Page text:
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Roger Corman: Metaphysics on a Shoestring
Alain Silver and James Ursini
Silman-James Press, 323 pages

Roger Corman: Metaphysics on a Shoestring
Alain Silver and James Ursini
Alain Silver and James Ursini have jointly authored and/or co-edited David Lean and His Films, What Ever Happened to Robert Aldrich?, More Things Than Are Dreamt Of, The Vampire Film and eight books on the film noir movements, including Film Noir: An Encyclopedic Reference, Film Noir Style, Film Noir, L.A. Noir, and four volumes of the Film Noir Reader series. Both authors have lectured on film production at UCLA and other universitites and written for such periodicals as Film Quarterly, Film Comment, DGA Magazine, and Cinefantastique.

ISFDB Bibliography: Alain Silver
ISFDB Bibliography: James Ursini

Past Feature Reviews
A review by David Maddox

From monster movies to epic pictures, from historical drama to tense thrillers, no man has directed or produced a more varied catalogue of film than Roger Corman. He has built his reputation on being a maverick filmmaker who doesn't play by Hollywood's rules. His decades-spanning career has lead to an incredible cult following and the helpful development of such filmmakers as James Cameron and Jonathan Demme.

Alain Silver and James Ursini have put together an astounding collection of history and interview in Roger Corman: Metaphysics on a Shoestring. The book is much more than just a listing of Corman's many works, in chronicles his development and rich additions to the cinematic world.

Having produced more than 100 movies and directed over 50 of them, each entry contains basic info on the picture, stars and crew. There's detailed running time, budget and distribution house listings as well. But the chronicle stands apart from regular histories with a detailed analysis of each film, finishing with commentary by Corman himself.

Now Corman's work, in some respects, is considered campy and many of his productions are seen as outright bad. Certainly 1959's A Bucket of Blood wasn't up for any Academy Awards and 1957's The Saga of the Viking Women and Their Voyage to the Waters of the Great Sea Serpent may have been an excuse to feature a bunch of scantily clad actresses parading around. Such is this reputation that many of his films have been lampooned over the years on Mystery Science Theatre 3000, such as 1958's Teenage Caveman. But the truth is, Corman's films always manage to make money and have established him as a film auteur and prolific artist.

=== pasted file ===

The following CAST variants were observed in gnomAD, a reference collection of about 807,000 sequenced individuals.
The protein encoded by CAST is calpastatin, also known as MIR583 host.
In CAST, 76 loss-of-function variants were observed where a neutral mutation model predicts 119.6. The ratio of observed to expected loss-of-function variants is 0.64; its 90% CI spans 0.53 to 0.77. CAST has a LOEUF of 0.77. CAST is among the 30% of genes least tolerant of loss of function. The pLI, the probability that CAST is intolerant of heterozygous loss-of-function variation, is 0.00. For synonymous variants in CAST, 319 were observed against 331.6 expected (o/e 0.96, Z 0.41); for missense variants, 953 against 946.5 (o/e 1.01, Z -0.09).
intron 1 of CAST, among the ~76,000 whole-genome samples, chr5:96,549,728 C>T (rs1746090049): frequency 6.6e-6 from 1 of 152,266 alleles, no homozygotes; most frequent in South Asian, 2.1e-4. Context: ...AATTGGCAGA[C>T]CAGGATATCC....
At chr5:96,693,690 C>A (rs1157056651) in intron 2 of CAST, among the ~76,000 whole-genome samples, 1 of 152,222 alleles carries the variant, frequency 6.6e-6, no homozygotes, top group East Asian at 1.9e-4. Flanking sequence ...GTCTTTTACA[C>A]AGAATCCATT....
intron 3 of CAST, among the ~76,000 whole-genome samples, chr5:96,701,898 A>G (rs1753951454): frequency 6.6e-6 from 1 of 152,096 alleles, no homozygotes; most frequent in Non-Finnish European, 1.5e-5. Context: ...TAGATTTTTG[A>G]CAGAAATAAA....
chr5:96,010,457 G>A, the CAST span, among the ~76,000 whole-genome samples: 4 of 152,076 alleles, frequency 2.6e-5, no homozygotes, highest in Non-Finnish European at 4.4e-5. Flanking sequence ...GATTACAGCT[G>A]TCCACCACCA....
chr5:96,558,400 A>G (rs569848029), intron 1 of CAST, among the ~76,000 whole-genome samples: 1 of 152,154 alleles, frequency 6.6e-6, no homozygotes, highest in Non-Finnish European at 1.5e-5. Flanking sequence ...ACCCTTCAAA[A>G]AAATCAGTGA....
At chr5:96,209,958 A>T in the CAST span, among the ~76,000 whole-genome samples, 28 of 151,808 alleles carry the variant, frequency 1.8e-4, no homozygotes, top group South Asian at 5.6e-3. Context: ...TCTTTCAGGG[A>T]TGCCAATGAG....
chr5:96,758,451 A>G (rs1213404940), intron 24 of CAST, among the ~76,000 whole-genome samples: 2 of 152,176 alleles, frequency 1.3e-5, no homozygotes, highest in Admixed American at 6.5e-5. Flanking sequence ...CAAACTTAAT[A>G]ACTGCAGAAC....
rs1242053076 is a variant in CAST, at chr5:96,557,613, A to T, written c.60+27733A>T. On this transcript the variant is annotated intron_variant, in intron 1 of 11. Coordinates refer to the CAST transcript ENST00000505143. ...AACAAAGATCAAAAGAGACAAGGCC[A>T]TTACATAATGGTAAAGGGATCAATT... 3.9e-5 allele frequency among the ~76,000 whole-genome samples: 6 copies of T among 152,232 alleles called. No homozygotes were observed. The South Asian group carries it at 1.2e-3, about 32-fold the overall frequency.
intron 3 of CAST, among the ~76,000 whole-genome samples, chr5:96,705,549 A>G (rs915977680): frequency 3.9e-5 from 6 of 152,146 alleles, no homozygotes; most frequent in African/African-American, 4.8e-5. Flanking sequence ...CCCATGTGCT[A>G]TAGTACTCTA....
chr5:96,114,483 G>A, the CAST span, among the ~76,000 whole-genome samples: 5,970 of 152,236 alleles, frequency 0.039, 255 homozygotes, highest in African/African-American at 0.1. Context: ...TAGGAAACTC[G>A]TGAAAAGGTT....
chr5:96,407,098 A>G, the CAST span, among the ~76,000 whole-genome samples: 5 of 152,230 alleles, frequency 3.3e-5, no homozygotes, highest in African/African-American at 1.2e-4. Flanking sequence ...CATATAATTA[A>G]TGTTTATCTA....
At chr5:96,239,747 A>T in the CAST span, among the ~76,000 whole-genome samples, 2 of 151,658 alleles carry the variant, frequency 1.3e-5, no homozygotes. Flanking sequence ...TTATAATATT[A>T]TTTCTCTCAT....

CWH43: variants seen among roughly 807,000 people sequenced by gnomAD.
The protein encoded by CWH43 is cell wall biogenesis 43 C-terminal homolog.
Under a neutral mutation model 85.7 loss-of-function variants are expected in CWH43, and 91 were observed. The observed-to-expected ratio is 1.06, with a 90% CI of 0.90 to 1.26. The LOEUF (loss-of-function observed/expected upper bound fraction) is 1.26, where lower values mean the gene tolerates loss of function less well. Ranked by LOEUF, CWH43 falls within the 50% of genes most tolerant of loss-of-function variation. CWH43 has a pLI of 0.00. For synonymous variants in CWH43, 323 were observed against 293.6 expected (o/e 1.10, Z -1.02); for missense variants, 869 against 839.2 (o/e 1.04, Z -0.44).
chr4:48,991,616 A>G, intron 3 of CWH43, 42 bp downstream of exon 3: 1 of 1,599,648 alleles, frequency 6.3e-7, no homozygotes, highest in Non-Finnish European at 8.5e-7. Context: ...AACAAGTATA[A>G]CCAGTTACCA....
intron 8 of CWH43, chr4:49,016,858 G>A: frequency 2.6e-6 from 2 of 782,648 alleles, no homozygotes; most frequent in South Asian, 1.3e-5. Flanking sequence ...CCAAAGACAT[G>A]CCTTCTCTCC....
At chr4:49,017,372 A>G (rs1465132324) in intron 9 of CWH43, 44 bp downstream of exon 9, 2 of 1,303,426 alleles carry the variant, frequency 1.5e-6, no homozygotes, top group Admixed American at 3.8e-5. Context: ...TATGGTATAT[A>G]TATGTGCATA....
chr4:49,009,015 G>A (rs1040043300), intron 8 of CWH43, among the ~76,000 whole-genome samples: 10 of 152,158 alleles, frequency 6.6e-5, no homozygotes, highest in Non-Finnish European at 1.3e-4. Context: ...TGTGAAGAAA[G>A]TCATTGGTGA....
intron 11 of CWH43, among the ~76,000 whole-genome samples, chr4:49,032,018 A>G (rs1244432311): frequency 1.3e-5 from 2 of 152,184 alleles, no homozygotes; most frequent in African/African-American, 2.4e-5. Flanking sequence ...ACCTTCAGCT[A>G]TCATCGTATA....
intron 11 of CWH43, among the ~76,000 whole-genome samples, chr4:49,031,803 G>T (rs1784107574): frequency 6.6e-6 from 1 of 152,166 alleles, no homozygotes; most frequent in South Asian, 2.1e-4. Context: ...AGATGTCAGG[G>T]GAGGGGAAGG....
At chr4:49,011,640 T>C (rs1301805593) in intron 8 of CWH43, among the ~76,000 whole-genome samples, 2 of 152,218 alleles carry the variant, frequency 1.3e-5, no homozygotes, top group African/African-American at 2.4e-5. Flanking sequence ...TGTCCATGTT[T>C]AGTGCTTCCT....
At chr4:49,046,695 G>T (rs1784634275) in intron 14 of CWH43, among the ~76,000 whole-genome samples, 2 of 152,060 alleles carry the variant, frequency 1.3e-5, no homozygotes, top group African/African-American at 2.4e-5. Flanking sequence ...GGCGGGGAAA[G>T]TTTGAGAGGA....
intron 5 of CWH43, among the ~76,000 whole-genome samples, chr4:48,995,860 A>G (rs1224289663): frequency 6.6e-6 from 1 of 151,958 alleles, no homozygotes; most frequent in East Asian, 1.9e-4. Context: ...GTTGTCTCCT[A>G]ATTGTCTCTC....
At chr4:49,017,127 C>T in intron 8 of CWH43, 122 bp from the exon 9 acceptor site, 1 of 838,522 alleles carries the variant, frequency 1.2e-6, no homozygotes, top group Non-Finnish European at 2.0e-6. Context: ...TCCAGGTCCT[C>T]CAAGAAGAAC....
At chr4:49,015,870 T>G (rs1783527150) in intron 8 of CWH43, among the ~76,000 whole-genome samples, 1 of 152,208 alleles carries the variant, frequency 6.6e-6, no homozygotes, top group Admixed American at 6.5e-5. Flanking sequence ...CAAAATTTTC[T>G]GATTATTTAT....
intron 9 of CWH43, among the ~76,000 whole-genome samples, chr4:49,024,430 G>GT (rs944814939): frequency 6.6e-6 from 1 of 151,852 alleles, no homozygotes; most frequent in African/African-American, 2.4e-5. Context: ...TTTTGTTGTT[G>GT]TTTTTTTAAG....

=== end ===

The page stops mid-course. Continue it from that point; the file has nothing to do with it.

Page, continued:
The stories the book tells are both fun and eye opening. For instance, while Corman was filming 1963's The Raven during the day, young protégé Francis Ford Coppola was allowed to use the sets at night for his first major directorial debut, Dementia 13. Corman used many actors before they truly 'hit' on the big screen like Peter Fonda and Jack Nicholson. He also worked with horror film greats like Vincent Price and Peter Lorre.

The collection is really a celebration of cinema. The highs and the lows of forging ahead with a vision, whether it's economically profitable or just a good story that has to be told with minimal budget are all presented.

Roger Corman: Metaphysics on a Shoestring is much more than just a collection of films. It's an in-depth look at an entire resume of work that spans every genre imaginable. Any filmmaker, either aspiring or established would be well rewarded by picking up a copy and following Corman on his incredible journey.

Copyright © 2006 David Maddox

David Maddox
Science fiction enthusiast David Maddox has been many things, including Star Trek characters and the Riddler in a Batman stunt show. He holds a degree in Cinema from San Francisco State University, and has written several articles for various SF sites as well as the Star Wars Insider and the Star Trek Communicator. He spends his time working on screenplays and stories, acting on stage and screen and giving tours at Universal Studios Hollywood.

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